Out of Sheer Rage: Wrestling With D.H. Lawrence
Dyer and his brand of blurrily personal nonfiction is much in the ether lately, or at least the certain subsection of slightly literary inclined internet ether I breath, for better and worse. But more than the chatter overhead, Dyer has been urged on me by a well-read, much-respected friend, and I have finally buckled against my own inability to take reading suggestions and have read Out of Sheer Rage, his book charting his failure to write a sober, academic study of Lawrence.
I thought the book was almost an undiluted joy. Like much of Nicholson Baker’s writing, the book sounds unendurable when subjected to brief description: it’s a book which chronicles the author’s inability to sit still and write about D.H. Lawrence, a writer he both admires and who has penetrated his life to a cellular level. But also like Baker’s U & I, the book manages both to avoid its way into its subject, to be both about the author’s own interests, obsessions, tics, neuroses, while also being about Lawrence, and teaching me–a Lawrence neophyte–a great deal and making me want to read Lawrence desperately.
It also makes me want to read more Dyer. I’m not sure if Dyer’s brand of nonfiction–novelistically pliable and complex and yet learned without being fusty, essayistic without mooning into abstraction, curling into scholarship, or shedding its style into reportage–is indeed the Next Wave, but he is one of those author’s who, as I think Martin Amis said somewhere, you discover with muffled enthusiasm, realizing as you read that you’re now going to have go read everything the man has written.
But I do have a quibble. And for better and worse, quibbles are easier to write about than straight praise: I wished the book had a bit more novelistic furniture, especially toward the end. When discussing Milan Kundera in the middle of the book (pgs. 118-122 in my paperback, where he mounts his quiet assault on the novel), Dyer says, “After reading Immortality what I wanted from Kundera was a novel composed entirely of essays, stripped of the last rind of novelization.” And while I find this idea fascinating and while what I liked about this book of Dyer’s was its associative leaping from idea to idea, I found myself still wanting a little more rind. There are personal, scenic-like details that crop up repeatedly–Dyer’s girlfriend Laura is a wonderful foil, for instance–but these ingredients raise certain expectations that go unfulfilled. For example, Dyer buys a flat in Oxford, England–Dullford, he calls it. And it occurs at a point in the book where this seems like the most reckless action he could take, and yet he doesn’t really go into the why or the how of the purchase. He doesn’t pay it the same kind of narrative attention I was expecting. He thinks about so much in this book, but he doesn’t really allow himself the room to think about this. And it seems less like an interesting narrative maneuver than it does an avoidance of his responsibility as a narrator. In a novel, we would just call this an example of an unreliable narrator, but in a work of nonfiction, does this not just become an author’s mistake?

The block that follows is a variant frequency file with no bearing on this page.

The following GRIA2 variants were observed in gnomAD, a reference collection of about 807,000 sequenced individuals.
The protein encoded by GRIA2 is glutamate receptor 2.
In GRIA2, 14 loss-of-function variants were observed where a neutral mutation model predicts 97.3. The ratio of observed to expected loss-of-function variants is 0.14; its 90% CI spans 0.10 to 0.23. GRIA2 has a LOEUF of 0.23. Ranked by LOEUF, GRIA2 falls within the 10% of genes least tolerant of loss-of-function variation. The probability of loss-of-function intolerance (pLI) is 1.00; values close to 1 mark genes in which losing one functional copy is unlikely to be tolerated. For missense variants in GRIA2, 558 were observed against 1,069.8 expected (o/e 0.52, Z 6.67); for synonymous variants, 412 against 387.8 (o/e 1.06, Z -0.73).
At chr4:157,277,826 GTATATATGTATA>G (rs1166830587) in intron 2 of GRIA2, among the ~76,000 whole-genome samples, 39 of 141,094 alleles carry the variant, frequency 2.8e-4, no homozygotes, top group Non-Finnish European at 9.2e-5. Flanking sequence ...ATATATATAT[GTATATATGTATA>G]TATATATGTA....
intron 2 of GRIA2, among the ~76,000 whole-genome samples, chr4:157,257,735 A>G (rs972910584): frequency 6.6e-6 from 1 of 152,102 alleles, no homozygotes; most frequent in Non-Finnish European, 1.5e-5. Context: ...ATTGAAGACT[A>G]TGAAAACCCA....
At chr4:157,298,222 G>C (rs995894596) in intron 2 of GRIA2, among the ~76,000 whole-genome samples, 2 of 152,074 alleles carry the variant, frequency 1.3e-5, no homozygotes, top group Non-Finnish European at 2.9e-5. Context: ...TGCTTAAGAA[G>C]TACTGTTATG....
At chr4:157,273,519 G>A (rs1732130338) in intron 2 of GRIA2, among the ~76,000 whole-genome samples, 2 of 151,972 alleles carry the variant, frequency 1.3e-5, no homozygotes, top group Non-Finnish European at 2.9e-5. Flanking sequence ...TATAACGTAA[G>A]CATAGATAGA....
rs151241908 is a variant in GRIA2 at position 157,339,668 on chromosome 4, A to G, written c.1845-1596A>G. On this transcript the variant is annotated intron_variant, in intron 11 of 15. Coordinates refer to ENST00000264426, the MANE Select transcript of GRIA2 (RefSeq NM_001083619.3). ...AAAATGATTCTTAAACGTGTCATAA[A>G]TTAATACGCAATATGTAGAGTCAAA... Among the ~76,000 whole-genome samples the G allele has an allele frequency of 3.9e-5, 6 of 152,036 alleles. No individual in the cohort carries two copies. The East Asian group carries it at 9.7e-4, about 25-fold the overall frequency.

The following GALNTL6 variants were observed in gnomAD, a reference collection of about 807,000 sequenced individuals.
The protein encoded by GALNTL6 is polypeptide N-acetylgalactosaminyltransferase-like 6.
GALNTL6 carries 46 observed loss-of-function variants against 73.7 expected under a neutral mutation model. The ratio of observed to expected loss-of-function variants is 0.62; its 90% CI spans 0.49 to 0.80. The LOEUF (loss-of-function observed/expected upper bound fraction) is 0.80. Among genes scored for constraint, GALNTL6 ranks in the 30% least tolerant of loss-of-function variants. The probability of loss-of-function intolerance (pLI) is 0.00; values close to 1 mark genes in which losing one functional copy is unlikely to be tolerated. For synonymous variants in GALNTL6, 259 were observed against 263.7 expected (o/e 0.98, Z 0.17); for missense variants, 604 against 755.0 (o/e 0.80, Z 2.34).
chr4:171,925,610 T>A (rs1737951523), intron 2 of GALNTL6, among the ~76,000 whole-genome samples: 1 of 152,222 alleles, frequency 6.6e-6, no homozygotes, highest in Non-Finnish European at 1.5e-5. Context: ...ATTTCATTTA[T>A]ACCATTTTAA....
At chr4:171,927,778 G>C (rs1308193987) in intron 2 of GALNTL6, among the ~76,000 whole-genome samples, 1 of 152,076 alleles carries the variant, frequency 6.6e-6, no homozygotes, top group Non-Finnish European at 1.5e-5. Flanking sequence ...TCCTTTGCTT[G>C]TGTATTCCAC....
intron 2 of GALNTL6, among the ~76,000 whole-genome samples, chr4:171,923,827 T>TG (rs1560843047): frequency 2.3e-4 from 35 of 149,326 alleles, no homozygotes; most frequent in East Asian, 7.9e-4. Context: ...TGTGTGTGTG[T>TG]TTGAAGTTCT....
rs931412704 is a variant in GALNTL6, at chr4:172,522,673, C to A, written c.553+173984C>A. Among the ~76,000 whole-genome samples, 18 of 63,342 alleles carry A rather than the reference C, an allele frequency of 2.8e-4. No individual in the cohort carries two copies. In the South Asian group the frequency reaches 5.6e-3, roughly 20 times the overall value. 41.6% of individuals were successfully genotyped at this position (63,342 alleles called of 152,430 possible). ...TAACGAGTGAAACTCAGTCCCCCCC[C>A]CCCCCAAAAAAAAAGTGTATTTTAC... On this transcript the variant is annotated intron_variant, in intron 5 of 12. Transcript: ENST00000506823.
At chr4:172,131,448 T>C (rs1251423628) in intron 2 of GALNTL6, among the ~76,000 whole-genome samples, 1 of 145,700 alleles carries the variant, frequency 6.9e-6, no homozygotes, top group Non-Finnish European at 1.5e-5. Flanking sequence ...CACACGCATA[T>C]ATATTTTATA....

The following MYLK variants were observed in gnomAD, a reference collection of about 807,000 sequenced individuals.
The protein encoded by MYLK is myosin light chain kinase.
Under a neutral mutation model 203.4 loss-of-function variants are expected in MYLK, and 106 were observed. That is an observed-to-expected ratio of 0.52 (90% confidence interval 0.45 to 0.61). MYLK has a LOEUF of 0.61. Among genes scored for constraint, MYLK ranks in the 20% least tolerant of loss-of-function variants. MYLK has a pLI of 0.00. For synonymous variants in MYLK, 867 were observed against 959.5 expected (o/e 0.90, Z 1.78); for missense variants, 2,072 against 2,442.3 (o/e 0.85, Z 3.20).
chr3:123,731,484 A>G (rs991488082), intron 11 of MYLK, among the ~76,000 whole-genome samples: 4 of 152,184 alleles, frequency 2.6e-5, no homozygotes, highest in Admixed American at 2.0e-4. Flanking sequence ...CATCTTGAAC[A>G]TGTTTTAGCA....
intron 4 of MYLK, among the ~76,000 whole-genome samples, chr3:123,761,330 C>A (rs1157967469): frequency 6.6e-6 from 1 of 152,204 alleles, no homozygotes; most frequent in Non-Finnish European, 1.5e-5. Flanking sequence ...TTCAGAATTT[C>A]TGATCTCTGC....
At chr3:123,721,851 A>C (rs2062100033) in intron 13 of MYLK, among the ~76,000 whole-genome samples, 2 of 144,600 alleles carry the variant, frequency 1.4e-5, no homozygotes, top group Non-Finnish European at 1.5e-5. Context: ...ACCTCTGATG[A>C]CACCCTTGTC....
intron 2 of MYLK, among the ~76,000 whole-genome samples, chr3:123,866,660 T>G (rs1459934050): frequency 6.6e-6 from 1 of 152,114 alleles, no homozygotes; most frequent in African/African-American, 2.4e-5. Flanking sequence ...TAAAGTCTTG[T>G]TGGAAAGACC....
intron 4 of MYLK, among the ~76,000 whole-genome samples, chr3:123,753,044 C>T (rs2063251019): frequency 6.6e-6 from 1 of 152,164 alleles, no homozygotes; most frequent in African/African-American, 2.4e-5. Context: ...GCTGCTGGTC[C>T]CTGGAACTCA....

And while it’s his book, his life, his aesthetic, and while I realize he wants to rid himself of these kind of well-made novelistic restrictions, and while I’m not sure if this fault is either his or mine, I still wanted to hear more about that stupid flat; I wanted to see him besotted by all that paperwork, signing his life away. This is a problem with personal nonfiction of this sort, in that it’s personal only up to a point. It is open but shields the true, fully honest self off from the reader. So, paradoxically, a novel feasibly becomes a more honest way to communicate with a reader because an author isn’t always deploying these invisible firewalls between himself and the reader while maintaining a facade of jocular openness.
Does this reaction make me hopelessly old-fashioned? I feel suddenly like an old man at a concert, complaining about the volume.